Page Four

 
 
By eweek  |  Posted 2002-12-02 Print this article Print
 
 
 
 
 
 
 


: Ruiz Interview"> eWEEK: What does Intels Banias chip mean to you with respect to the faster clock speed equals better performance debate? Ruiz: It basically says, its not really the speed that counts; its performance. Because theyve lowered the speed and tried to improve it from a solution perspective, its more of a complete solution for mobile as opposed to just the CPU. But its a significantly lower frequency, but the performance is considered reasonable for mobile. So it does say there is something to this performance thing.
eWEEK: Doesnt it validate what AMDs been saying for a long time?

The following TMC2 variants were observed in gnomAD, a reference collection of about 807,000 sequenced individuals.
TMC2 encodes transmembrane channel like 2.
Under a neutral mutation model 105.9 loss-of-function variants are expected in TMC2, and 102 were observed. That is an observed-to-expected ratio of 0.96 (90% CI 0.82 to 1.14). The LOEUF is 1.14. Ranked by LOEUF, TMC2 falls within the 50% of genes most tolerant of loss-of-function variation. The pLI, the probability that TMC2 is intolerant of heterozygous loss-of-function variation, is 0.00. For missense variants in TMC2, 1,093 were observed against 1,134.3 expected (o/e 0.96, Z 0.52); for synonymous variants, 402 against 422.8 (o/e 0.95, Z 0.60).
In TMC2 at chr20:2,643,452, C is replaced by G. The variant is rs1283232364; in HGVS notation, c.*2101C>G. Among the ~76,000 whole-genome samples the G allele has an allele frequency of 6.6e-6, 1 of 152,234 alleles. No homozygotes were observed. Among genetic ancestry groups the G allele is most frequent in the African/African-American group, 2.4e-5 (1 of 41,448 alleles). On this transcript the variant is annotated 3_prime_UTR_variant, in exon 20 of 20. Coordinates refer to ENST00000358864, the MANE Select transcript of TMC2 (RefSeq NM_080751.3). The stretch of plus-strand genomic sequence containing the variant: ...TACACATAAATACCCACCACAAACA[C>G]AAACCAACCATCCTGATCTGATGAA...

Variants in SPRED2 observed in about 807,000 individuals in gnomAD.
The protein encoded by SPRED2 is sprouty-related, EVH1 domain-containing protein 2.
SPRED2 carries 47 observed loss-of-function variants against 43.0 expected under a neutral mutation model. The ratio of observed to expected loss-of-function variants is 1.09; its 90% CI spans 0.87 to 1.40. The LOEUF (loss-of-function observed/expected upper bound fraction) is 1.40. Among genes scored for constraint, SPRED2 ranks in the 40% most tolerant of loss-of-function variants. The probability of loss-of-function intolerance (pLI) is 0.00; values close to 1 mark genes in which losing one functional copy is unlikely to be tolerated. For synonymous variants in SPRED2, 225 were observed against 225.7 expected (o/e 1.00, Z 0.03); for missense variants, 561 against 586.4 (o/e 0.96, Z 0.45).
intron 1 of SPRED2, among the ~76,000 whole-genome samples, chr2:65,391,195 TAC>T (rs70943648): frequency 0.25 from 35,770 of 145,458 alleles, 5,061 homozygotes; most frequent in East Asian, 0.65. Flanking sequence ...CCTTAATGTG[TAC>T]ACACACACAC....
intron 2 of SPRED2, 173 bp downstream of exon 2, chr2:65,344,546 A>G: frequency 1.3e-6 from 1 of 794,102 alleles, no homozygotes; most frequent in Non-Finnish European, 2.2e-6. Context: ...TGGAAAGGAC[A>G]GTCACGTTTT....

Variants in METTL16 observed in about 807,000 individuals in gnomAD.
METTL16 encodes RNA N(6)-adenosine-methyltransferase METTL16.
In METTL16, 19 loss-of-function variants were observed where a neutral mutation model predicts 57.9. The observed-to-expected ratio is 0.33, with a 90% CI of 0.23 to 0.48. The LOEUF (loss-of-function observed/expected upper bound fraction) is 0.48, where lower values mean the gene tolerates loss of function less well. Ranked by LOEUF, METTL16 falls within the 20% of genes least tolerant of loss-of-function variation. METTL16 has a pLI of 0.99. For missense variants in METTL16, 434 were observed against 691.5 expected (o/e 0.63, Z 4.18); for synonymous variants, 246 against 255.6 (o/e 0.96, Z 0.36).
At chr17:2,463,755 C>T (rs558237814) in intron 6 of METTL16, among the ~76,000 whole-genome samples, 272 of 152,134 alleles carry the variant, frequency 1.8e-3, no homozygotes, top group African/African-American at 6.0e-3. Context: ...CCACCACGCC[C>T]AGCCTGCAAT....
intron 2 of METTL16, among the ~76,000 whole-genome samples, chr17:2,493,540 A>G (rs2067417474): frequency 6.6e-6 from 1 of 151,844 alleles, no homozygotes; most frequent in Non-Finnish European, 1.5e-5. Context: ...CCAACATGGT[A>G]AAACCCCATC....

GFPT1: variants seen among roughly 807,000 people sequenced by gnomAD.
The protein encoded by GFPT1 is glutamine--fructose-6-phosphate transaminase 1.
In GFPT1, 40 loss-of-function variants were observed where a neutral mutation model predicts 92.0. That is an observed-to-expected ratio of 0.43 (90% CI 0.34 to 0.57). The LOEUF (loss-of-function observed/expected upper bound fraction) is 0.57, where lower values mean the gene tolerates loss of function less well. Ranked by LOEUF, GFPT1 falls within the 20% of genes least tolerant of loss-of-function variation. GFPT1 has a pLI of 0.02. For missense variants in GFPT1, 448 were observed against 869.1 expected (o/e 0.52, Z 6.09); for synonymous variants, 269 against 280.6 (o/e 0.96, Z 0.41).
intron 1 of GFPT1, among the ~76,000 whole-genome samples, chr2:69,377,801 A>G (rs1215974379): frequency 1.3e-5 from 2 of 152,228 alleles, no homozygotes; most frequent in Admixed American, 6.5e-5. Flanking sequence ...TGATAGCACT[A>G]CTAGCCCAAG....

Ruiz: I think it does. Theyll never admit it. But I think it does. eWEEK: What would the addition of Apple [Computer Inc.] to the 64-bit industry mean to AMD, to the industry? Ruiz: First of all, I have no indication that Apple is even considering what we make. Ive heard rumors going around. But you know it would be interesting because at some point in time if Apple is going to do a 64-bit version, theyre going to face the decision, what do they do for it? I cannot picture Apple putting an Itanium in their stuff. So I think if theyre going to do that theyre going to figure out some way to get a PowerPC version of that. Or theyre going to have to consider one of the alternatives we offer and see theres many more than that. eWEEK: So theyre not in talks with you, theyre not evaluating the chip as far as you know? Ruiz: You know, if they were I couldnt tell you, and if theyre not I shouldnt tell you. But I think it would be an interesting relationship if that ever really happened. eWEEK: Intel has officially announced that it is going to abdicate the desktop 64-bit market, leaving it essentially IBM, with its PC970, and AMDs Clawhammer and Opteron products. What is that two-horse horse race going to mean to AMD in 2003? Ruiz: First of all, I dont believe that Intels abdicating anything. They would like to influence the market. See it go in a certain direction. But the market, which is actually made up of customers are going to do what makes sense for them. And I think 64-bit at the desktop is going to happen. I really think its going to provide consumers a value that theyll appreciate. And its not going to happen overnight, and its not going to happen next quarter. But I think it will start really avalanching in the beginning sometime late next year, early 2004. And it could start with the early adopters, people like the gaming folks. Those people are really dumping tons of data into broadband and then from there it will go. eWEEK: So you think therell be faster adoption on the server end? Ruiz: I think the immediate desires is the server computer. The enterprise really wants to move into that direction fast because they can really exploit this bandwidth capability. So thats definitely true. Personally I think its going to happen faster than people think. But its not going to be next year. I think its going to start at the end of next year. … The reason I think is not because its 64-bit, thats not it. The reason is because its compatible with 32-bit. … I think people are going to say, "Wow, Im buying a 64-bit system capable of running 32-bit products." eWEEK: What was the reason for the delay in the release of Clawhammer? Ruiz: Nothing more than these product road maps are just so complicated, the technology evolution is gigantic. … The product is pretty solid. Never in my career, and Ive been in the industry 29 years, have I seen a project of the complexity of Hammer work the first time. When silicon came out the first time, it worked. It worked fully … and thats pretty amazing. eWEEK: What prompted the customer-centric philosophy? Ruiz: Its our belief that more and more the difference between where the customer ends and the supplier begins is getting closer and closer. And the more relevant that interaction is and the more enhanced, the more both people benefit. We have this awesome engineering talent that maybe we can put it, in some indirect way, at the use of our customers so that our customers can think of us as their friend and partner. … So were putting ourselves always to continuously asking questions, "What would the customer think of this? What would they want? What would they say?" Frankly, I think its generated a lot of enthusiasm in the company to be … hopefully more relevant when it comes to our customers. eWEEK: But the note that you made that the admission that the industry as a whole is guilty of building technology for technologys sake seemed to strike a cord. Ruiz: Oh, absolutely. I mean if you look at the PDAs, its taken 20 years to finally get to where the Palm Pilot finally made an impact. But it was 20 years after trying and trying and trying, because they werent paying attention to the customer. With all due respect to the awesome power of our competitor, the Itanium is one of the least customer-driven technology developments Ive ever seen in my life. I have yet to talk to a customer whos said, "Ive been pushing for that for 10 years, cant wait for it to come." And you look around at so many of these things, at consumers and customers in general, and I say, technology is now not an issue. You can do almost anything you want to with technology. Can we now make it more useful? Can we make it more practical? It goes all the way from things like automobiles, televisions, cell phones, etc. One of the reasons Nokia became so successful in the early stages people attributed to the digital effort they did. And although that was very important, the other part was is that their software was friendly. You look at a Nokia phone, you dont need to read the manual to actually figure out how to pick up the phone and follow it.


 
 
 
 
 
 
 
 
 
 
 

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